Woman Hit In Head By Bowl Of Pasta Awarded Over $100,000 By Jury

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Throwing spaghetti and seeing what sticks may not be a smart option moving forward now that a Connecticut woman has been awarded more than $100,000 by a jury after she was struck in the head by a flying bowl of pasta. It seems that the negligence and battery suit brought by Constance Koulmey, the woman who was the unintended target of the pasta thrown by James Sweeney inside an Oakville restaurant, paid off, according to Fox61.com. Sweeney had been having an argument with another man at Roma’s Ristorante when he threw the offending object and missed his intended victim. Unfortunately, the spaghetti did indeed hit someone and the consequences were quite painful.

While criminal charges against Sweeney were dropped, he wasn’t able to skate the verdict awarded in this suit. According to Koulmey, via Fox News, she was walking toward the exit, “when suddenly and without warning, the pasta with hot and spicy fra diavolo sauce” was thrown at the man and “struck her about the head and face, causing the spicy sauce to drip down her head onto her face and in her eyes and further causing her to fall striking her head.” The identity of the intended victim has not been revealed, nor have any details about what the two men were arguing about so passionately that it warranted such a fiery outburst from Sweeney.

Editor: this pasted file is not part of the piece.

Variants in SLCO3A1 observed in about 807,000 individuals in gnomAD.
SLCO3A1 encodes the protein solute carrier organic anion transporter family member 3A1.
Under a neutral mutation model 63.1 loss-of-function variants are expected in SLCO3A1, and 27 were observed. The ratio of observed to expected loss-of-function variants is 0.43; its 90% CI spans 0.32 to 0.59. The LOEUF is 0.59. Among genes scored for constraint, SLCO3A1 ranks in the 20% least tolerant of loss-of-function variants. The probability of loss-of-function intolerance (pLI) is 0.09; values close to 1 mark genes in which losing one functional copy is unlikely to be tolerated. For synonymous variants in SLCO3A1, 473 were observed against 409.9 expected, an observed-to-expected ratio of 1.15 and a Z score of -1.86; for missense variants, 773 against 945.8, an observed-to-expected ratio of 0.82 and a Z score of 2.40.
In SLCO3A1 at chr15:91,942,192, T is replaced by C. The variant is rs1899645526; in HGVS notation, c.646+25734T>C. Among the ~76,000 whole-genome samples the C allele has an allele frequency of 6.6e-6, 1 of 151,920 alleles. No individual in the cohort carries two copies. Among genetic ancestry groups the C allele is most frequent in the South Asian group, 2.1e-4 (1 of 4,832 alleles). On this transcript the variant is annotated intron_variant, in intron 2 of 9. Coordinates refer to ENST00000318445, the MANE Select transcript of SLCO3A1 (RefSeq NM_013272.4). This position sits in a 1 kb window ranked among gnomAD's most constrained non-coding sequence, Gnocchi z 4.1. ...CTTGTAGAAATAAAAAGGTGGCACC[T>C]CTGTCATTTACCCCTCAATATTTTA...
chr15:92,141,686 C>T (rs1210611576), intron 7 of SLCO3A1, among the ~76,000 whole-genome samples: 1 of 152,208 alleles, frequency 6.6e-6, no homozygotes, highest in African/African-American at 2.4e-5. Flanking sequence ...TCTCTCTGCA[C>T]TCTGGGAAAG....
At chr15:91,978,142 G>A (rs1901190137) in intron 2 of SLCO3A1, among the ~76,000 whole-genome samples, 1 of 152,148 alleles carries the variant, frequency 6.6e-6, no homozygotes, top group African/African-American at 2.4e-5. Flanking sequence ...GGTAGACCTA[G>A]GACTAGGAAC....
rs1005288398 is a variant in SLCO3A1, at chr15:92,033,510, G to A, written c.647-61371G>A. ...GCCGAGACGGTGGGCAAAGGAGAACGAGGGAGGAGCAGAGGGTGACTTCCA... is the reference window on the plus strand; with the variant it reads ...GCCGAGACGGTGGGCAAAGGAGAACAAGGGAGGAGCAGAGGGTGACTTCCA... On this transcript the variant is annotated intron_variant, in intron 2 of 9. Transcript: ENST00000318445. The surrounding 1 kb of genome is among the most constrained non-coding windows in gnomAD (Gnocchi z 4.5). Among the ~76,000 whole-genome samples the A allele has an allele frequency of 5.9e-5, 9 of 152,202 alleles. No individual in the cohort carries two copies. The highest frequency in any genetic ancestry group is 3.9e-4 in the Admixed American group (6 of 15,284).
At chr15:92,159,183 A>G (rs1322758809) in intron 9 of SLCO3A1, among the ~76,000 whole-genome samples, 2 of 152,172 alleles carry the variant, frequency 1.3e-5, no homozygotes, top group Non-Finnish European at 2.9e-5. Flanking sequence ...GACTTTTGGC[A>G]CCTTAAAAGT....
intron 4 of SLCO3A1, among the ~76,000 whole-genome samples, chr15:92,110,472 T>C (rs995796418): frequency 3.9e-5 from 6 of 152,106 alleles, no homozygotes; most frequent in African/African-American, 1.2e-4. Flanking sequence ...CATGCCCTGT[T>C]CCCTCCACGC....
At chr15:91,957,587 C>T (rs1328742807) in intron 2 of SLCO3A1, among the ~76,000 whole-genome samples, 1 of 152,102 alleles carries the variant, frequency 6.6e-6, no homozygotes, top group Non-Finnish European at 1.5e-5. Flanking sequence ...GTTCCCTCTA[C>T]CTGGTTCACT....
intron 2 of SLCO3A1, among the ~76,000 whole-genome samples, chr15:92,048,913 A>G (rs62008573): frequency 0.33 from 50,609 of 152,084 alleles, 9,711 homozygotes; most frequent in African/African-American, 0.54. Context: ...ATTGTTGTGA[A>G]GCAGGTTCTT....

preparation of pasta for breakfast
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The incident happened back in March 2015, according to The Connecticut Law Tribune. Sweeney, a former New Jersey attorney, admitted to throwing the pasta but would not admit that he caused any injury. But the jury obviously saw things differently. Koulmey, a Connecticut resident, said she received a head injury with a resulting concussion and suffered from eye pain, headaches, and “daily severe back pain with radiating pain,” among other injuries, according to a copy of the lawsuit obtained by the Law Tribune.

“Said injuries includes the bones, glands, blood vessels, ligaments, soft tissues, tendons, cartilage, and nerves of the injured parts. All or some of said injuries or effects therefrom are, or likely to be, permanent in nature,” the suit continued. It also claimed that the woman had been “gainfully employed at the time of the incident, sustained a loss of wages, a loss of earning capacity and work-related benefits.” The suit also made mention of the damage made to a scarf and her fur coat. Hopefully, the $103,000 judgment will help Koulmey make a full recovery.